How to give a presentation
Does the thought of public speaking start your stomach churning like a tornado? Would you rather get caught in an avalanche than give a speech? Giving an oral report does not have to be a natural disaster. There are two main elements—the writing and the presentation. Find out how to put it all together with tips from the Nat Geo Kids Almanac .
Writing Your Material
Try to keep your sentences short and simple. Long, complex sentences are harder to follow. Limit yourself to just a few key points. You don’t want to overwhelm your audience with too much information. To be most effective, hit your key points in the introduction, elaborate on them in the body, and then repeat them once again in your conclusion.
The three basic parts
• Introduction—This is your chance to engage your audience and really capture their interest in the subject you are presenting. Use a funny personal experience or a dramatic story, or start with an intriguing question.
• Body—This is the longest part of your report. Here you elaborate on the facts and ideas you want to convey. Give information that supports your main idea, and expand on it with specific examples or details. In other words, structure your oral report in the same way you would a written essay so that your thoughts are presented in a clear and organized manner.
• Conclusion—This is the time to summarize the information and emphasize your most important points to the audience one last time.
Preparing Your Delivery
Practice makes perfect. Confidence, enthusiasm, and energy are key to delivering an effective oral report, and they can best be achieved through rehearsal. Ask family and friends to be your practice audience and give you feedback when you’re done. Were they able to follow your ideas? Did you seem knowledgeable and confident? Did you speak too slowly or too fast, too softly or too loudly? The more times you practice giving your report, the more you’ll master the material. Then you won’t have to rely so heavily on your notes or papers, and you will be able to give your report in a relaxed and confident manner.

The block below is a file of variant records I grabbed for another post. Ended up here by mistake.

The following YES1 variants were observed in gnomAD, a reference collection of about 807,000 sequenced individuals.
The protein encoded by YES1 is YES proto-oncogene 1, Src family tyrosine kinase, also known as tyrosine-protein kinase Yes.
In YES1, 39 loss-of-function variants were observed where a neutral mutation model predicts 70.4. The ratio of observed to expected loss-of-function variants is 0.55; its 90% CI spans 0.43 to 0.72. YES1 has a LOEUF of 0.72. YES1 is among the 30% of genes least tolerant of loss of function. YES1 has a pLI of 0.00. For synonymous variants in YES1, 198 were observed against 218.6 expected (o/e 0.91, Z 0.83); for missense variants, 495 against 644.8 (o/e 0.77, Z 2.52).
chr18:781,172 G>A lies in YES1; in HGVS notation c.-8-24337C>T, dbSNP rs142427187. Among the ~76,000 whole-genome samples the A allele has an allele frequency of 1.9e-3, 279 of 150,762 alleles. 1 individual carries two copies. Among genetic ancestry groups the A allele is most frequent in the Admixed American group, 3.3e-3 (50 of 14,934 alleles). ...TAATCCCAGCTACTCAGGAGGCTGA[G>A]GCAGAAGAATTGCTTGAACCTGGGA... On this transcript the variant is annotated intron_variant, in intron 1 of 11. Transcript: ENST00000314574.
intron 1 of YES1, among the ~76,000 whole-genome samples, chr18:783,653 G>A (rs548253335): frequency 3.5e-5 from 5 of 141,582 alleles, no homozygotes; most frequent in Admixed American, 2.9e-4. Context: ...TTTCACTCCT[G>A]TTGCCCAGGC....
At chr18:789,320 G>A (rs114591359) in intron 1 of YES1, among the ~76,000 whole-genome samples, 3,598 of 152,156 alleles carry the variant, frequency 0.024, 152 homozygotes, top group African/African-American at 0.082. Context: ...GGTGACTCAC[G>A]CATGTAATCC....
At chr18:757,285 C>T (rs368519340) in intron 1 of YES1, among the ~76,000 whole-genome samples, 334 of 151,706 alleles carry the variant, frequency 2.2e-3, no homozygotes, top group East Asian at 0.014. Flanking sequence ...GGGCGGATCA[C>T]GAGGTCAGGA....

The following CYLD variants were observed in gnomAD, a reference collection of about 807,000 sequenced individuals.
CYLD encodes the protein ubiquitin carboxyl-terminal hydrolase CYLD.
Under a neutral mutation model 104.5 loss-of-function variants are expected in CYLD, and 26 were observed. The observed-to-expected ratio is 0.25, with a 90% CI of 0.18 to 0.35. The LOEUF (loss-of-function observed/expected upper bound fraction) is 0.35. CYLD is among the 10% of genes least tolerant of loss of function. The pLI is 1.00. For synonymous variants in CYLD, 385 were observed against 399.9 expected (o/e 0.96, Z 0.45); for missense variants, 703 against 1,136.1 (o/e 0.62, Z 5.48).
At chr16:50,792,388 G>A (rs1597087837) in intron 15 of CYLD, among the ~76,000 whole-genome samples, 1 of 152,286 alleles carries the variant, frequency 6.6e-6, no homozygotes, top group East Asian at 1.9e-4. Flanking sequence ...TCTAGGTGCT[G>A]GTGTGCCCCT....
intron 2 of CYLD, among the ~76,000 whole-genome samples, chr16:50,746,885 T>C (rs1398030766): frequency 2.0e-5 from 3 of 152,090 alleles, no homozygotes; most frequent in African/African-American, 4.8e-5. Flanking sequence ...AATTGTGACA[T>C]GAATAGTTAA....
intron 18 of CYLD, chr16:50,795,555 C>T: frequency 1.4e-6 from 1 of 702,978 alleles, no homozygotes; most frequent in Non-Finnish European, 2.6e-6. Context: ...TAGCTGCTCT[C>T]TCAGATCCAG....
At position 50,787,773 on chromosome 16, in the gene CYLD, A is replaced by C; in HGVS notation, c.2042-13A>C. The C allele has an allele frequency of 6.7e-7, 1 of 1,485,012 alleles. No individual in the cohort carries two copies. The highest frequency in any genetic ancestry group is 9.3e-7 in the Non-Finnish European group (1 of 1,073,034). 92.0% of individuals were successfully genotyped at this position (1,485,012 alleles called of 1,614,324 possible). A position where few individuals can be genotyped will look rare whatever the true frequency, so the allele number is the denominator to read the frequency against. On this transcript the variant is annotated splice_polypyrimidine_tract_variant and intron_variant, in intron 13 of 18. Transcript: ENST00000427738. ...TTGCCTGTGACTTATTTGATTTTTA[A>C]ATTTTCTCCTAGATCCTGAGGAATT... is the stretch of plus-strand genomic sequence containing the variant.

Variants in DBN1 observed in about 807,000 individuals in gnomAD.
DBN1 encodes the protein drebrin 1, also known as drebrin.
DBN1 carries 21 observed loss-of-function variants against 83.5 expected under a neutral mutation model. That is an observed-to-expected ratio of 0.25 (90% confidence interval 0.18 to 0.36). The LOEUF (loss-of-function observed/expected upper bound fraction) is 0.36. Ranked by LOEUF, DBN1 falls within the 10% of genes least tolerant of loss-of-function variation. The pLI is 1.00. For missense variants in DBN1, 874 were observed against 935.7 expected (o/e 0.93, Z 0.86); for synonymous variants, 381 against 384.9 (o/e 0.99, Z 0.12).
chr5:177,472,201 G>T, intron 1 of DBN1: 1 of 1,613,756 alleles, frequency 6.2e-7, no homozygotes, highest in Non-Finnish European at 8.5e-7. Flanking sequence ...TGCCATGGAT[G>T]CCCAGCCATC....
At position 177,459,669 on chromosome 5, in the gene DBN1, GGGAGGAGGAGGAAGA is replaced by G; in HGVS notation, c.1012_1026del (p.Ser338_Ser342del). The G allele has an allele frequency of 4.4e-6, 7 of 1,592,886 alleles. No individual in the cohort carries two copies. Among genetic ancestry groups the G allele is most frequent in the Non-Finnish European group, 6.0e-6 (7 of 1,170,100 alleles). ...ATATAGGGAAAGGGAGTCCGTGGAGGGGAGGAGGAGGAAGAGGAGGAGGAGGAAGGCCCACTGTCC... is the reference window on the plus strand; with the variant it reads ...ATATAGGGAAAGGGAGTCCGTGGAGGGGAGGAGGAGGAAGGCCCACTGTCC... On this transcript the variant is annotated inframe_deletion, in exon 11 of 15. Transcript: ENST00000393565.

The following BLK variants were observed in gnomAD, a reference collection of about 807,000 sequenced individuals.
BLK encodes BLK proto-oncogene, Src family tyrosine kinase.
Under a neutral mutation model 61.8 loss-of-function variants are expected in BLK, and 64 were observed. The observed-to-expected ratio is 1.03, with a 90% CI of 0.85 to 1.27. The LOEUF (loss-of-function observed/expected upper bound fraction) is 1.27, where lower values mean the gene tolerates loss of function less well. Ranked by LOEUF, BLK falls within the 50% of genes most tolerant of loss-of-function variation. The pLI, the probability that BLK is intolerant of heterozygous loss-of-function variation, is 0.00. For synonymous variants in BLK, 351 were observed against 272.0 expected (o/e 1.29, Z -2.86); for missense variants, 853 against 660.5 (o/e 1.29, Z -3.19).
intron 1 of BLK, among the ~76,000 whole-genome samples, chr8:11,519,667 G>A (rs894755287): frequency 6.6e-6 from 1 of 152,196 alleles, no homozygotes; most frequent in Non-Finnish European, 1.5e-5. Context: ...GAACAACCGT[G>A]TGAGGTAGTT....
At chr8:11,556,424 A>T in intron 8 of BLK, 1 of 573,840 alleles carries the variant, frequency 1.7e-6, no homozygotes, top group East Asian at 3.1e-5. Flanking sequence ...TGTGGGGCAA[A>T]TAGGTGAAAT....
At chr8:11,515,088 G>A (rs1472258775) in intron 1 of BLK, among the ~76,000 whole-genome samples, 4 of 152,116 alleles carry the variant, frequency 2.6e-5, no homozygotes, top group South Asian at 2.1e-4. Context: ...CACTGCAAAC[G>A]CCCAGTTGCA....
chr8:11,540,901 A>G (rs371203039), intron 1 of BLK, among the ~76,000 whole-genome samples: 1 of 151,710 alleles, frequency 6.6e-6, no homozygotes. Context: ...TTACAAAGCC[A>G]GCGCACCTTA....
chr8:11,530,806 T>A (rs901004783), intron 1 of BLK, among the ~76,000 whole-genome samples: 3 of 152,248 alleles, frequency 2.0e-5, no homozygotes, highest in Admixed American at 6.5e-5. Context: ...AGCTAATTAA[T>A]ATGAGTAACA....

Present with everything you’ve got
Be as creative as you can. Incorporate videos, sound clips, slide presentations, charts, diagrams, and photos. Visual aids help stimulate your audience’s senses and keep them intrigued and engaged. They can also help to reinforce your key points. And remember that when you’re giving an oral report, you’re a performer. Take charge of the spotlight and be as animated and entertaining as you can. Have fun with it.
Keep your nerves under control
Everyone gets a little nervous when speaking in front of a group. That’s normal. But the more preparation you’ve done—meaning plenty of researching, organizing, and rehearsing—the more confident you’ll be. Preparation is the key. And if you make a mistake or stumble over your words, just regroup and keep going. Nobody’s perfect, and nobody expects you to be.
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Creating engaging presentations for children: Why you can't treat them like mini-adults
Average: 5 ( 1 vote)
5 to 10 year-olds might be the toughest audience that you as a presenter will ever face.
If you cannot connect with and engage them, it won’t be long before they start looking away, fidgeting, and flopping on the floor (or on the child next to them.)
The best ways to engage children is to get into their mindset, keep things simple and visual, and use a lot of interactivity.
Start by asking their teacher (or mentor) what they will expect from your presentation. Find out how much they already know about the topic, and roughly how long your presentation should be. They will know their particular group, and take out a lot of the guess work. Pay close attention to their advice and work it into your presentation.
Below are some tips on how to adapt your presentation to connect and engage younger audience.